He is also a violinist.  He was soloist and concertmaster of orchestras at Brown and Harvard Universities and various orchestras in New York.  He has played at Carnegie Hall twice on the violin.  In 2009, YouTube in conjunction with the San Francisco Symphony had a contest and he one of two non-professional violinists who won a spot in the YouTube Symphony. This resulted in world wide media attention. He also toured as a violin soloist throughout parts of Asia. He thought about becoming a professional violinist, but in college, he developed a hearing problem; thus he decided that it was a sign that he needed to dive in wholeheartedly into medicine. He is teaching himself piano these days.  Recently he participated in a piano competition in Beverly Hills which involved competing with piano teachers, and he won and performed a Beethoven Concerto with orchestra in Los Angeles. He loves his Los Angeles audience and plans to perform in Los Angeles again next year. He has a violin recital lined up in Modesto in September with music professors at Modesto Junior College.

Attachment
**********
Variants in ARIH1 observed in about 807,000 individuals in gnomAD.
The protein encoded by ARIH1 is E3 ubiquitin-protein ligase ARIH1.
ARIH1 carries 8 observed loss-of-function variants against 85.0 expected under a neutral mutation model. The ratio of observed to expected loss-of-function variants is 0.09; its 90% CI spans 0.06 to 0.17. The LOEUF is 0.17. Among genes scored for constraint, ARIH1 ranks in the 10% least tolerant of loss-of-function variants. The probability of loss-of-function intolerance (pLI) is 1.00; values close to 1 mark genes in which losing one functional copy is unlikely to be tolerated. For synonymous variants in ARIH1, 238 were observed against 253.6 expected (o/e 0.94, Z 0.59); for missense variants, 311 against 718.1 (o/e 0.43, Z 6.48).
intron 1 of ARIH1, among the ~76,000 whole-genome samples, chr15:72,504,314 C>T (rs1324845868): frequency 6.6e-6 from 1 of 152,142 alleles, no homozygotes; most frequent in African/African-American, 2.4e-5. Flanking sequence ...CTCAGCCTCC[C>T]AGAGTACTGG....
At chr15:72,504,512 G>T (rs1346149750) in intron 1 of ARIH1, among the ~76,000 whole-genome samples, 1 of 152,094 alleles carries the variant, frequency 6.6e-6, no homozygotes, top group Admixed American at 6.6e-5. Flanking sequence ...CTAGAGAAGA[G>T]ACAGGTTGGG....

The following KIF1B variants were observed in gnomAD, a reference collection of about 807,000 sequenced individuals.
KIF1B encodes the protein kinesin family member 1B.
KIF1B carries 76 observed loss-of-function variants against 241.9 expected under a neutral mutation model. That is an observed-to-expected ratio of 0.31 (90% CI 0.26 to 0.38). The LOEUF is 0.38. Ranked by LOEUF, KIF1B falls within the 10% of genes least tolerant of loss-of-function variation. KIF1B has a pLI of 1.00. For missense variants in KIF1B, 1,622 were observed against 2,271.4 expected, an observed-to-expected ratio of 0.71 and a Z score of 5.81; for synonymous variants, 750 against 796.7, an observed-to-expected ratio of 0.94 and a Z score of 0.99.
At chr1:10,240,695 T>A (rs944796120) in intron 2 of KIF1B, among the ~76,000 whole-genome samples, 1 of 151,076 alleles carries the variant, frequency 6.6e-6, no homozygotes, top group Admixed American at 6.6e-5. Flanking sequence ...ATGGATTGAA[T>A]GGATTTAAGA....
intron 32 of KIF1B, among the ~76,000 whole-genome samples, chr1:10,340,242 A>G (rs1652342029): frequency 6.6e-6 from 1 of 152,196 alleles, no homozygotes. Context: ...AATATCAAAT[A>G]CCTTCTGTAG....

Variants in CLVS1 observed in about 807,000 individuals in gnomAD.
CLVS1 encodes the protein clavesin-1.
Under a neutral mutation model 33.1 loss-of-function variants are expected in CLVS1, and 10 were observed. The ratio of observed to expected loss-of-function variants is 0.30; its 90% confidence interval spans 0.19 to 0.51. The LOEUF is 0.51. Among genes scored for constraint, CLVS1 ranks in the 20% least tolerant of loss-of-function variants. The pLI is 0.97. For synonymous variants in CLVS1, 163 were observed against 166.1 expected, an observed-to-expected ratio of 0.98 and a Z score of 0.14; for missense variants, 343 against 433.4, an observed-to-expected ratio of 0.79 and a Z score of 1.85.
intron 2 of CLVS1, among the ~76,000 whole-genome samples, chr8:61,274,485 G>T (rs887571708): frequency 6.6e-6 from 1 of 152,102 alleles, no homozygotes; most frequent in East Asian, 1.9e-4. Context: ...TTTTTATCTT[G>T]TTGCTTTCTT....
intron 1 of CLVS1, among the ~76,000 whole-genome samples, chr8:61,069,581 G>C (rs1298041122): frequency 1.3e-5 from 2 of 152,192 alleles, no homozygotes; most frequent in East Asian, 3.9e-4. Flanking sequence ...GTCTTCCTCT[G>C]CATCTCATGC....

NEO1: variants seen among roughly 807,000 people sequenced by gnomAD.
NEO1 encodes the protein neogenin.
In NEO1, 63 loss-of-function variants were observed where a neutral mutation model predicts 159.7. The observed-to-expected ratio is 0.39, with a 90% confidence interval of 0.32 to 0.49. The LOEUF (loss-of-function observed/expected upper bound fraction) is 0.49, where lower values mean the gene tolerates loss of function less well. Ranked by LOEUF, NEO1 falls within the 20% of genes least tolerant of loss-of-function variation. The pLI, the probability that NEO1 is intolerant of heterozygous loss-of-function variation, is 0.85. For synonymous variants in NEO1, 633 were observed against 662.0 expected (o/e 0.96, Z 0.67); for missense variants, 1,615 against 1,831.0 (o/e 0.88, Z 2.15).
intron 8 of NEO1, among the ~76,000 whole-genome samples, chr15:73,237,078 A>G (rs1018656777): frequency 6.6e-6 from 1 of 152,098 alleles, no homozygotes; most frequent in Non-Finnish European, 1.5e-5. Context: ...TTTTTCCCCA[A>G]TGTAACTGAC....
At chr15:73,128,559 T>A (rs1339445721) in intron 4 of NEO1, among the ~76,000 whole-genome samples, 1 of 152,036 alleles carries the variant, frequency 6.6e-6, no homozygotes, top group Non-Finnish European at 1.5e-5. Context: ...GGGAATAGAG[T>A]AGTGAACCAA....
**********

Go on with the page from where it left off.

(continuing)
For fun he enjoys making websites, blogging, spending time on FaceBook, marketing, eating vegan, and running.

 

 

 

 

I love going to Botox and filler training sessions

As a board certified surgeon, I know that there are many ways to get surgeries done and every surgeon has their own developed tips and tricks over years of experience.  It’s always good to learn from others – especially in other parts of the world.

In the past few weeks, I’ve participated in two national-type training programs for Botox and Juvederm fillers.  I especially enjoyed watching other great injectors approach lip augmentation challenges.

Later today I am going to San Francisco to attend an international training program for Botox and Fillers/Juvederm.  The speaker is from Australia.